KC: Yeah, I agree. What do you think we could do to attract more women into infosec?
JD: It’s about balance, and it’s the same for all male-dominated fields. For women who are currently in the field or wanting to be in the field, it’s about flexible work arrangements, paid maternity and carer leave, and management that’s understanding. Because while it sounds so very “old school,” women are still the primary carers in families. Also, they’re the ones who have to carry around a baby for ten months and need time to recuperate after all that!
But I think it starts much earlier than that. I think we need to get into schools. We need to teach young girls that computers and math and science aren’t just for boys. They’re for girls. They’re fun and cool, and if that’s what they like to do, then they should do it. I’m trying to find a way to become a mentor or a spokesperson locally for young girls (I’m speaking with the women who run the Tech Girls Are Superheroes movement.) to show them that you can be a girl and be good at computers. Now that technology is so pervasive in our lives, I think it makes it more likely that we’ll see more women in IT from the generations following ours.
KC: I agree completely. I like what the Scandinavian countries do. Mandated paid time off for parents regardless of gender, for example.
JD: For women already in the industry, our issue is trying to keep them here. The “death by a thousand papercuts” thing is very real. They may be small events. A guy making a sexist joke. A woman being passed over for a promotion for her less qualified male counterpart. A colleague calling her “emotional.” And these small things tip women over the edge and push them out of the industry.
We need to be getting people to say, “Stop, this is not cool, this is not funny, this is not on.” Because if we do that, we might actually maintain the women who we already have working in these positions. A large number of women drop out of information technology in their mid-thirties because of the “death by a thousand papercuts.”
KC: Are there areas of IT that are more welcoming to women than others?
JD: I really don’t know. I’ve only got experience in the areas I’ve been in. From women I’ve spoken with, I think the non-technical side of IT seems to be. That’s probably not a good thing because it means that we’re taken more seriously when we’re not in technical roles.
KC: What’s the non-technical side of IT?
JD: Procurement, contract negotiation, business analysis, project management. The women I’ve seen in those positions seem to be much happier and are more equal with their colleagues and are treated better. Though that could just be rose-tinted glasses and grass-is-greener.
KC: What do you think is the biggest problem in infosec right now?
JD: It’s a double-edged sword. Management either caring too much about security and sticking their noses where it’s really not needed, (I hate micromanagement.) or pretending that security isn’t an issue, not giving any money to it, and blaming everyone but themselves when something happens. There doesn’t seem to be a happy middle ground for infosec in organizations, at least from what I’ve seen.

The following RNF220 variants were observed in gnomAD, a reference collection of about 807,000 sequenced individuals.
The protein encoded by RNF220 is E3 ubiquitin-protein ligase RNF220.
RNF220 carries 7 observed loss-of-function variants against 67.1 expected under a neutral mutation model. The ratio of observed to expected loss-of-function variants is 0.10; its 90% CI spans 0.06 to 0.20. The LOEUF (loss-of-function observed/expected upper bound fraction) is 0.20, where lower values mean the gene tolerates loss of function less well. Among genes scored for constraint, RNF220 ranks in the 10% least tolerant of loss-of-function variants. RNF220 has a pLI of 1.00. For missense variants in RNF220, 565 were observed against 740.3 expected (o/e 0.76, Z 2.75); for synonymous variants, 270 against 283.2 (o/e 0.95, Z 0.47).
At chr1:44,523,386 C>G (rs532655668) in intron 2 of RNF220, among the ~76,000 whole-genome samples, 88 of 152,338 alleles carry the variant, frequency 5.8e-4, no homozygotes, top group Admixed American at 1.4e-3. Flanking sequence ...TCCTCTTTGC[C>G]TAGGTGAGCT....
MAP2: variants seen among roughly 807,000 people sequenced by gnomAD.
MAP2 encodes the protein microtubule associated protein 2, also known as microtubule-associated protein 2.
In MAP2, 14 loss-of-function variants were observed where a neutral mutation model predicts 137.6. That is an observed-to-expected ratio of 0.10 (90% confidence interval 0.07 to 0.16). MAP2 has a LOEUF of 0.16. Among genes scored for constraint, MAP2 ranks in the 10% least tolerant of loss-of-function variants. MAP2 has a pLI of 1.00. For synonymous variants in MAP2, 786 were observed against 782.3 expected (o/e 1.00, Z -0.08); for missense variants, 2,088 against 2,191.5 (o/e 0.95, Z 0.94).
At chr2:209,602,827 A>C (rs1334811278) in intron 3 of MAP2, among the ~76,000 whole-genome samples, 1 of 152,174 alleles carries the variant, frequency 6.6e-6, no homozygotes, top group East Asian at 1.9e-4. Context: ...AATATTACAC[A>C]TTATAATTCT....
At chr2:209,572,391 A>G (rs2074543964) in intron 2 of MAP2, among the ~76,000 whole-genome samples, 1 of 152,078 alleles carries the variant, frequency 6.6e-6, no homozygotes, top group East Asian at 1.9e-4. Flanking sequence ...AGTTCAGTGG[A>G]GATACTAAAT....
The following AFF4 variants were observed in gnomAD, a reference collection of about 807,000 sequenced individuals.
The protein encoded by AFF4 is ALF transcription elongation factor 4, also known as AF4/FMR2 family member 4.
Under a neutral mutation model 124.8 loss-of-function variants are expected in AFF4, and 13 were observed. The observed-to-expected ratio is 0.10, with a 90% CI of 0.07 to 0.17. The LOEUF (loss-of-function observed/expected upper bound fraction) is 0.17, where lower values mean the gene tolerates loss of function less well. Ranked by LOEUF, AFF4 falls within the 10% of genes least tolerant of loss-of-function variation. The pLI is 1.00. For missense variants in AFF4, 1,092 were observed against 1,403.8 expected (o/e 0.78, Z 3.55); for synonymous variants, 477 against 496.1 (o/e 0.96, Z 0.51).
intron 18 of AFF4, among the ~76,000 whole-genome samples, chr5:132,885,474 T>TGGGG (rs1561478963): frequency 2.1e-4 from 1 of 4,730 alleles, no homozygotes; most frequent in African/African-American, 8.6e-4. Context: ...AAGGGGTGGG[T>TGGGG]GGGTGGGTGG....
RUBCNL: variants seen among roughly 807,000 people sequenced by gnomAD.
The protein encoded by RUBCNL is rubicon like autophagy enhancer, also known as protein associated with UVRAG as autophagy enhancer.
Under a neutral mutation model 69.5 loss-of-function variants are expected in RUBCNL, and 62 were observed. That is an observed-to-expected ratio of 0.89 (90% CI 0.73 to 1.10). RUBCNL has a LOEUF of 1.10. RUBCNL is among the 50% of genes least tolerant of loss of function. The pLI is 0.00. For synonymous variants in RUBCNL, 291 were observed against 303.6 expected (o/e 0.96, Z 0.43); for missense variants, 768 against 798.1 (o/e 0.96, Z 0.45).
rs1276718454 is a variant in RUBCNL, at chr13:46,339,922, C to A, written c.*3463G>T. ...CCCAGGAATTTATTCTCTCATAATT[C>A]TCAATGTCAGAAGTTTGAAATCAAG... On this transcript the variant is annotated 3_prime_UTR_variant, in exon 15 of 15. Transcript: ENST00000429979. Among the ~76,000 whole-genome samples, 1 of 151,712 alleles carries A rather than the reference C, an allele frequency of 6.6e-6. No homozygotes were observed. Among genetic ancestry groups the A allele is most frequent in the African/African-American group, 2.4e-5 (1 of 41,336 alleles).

KC: Yeah, the sociology of infosec is terribly overlooked. So, what would you say to a young girl who is curious about an infosec career?
JD: If you enjoy it, do it! Don’t let anyone tell you that you can’t do what you want to do. Don’t take crap from anyone. I struggle to find things to say to young girls about it because they see what we do as so very uncool.
KC: Fair enough. Before I go, do you have any last words about women and infosec?
JD: We’re an amazing bunch of women. We need to do more to support each other rather than tear each other down. And I think you writing this piece and speaking to other women is amazing.
Tune in next time for my next interview with Zoё Rose, another woman in information security.
About the Author: Kim Crawley spent years working in general tier two consumer tech support, most of which as a representative of Windstream, a secondary American ISP. Malware related tickets intrigued her, and her knowledge grew from fixing malware problems on thousands of client PCs. Her curiosity led her to research malware as a hobby, which grew into an interest in all things information security related.
By 2011, she was already ghostwriting study material for the InfoSec Institute’s CISSP and CEH certification exam preparation programs. Ever since, she’s contributed articles on a variety of information security topics to CIO, CSO, Computerworld, SC Magazine, and 2600 Magazine.
Her first solo developed PC game, Hackers Versus Banksters, had a successful Kickstarter and was featured at the Toronto Comic Arts Festival in May 2016. This October, she gave her first talk at an infosec convention, a penetration testing presentation at BSides Toronto.
She considers her sociological and psychological perspective on infosec to be her trademark. Given the rapid growth of social engineering vulnerabilities, always considering the human element is vital.
Editor’s Note: The opinions expressed in this guest author article are solely those of the contributor, and do not necessarily reflect those of Tripwire, Inc.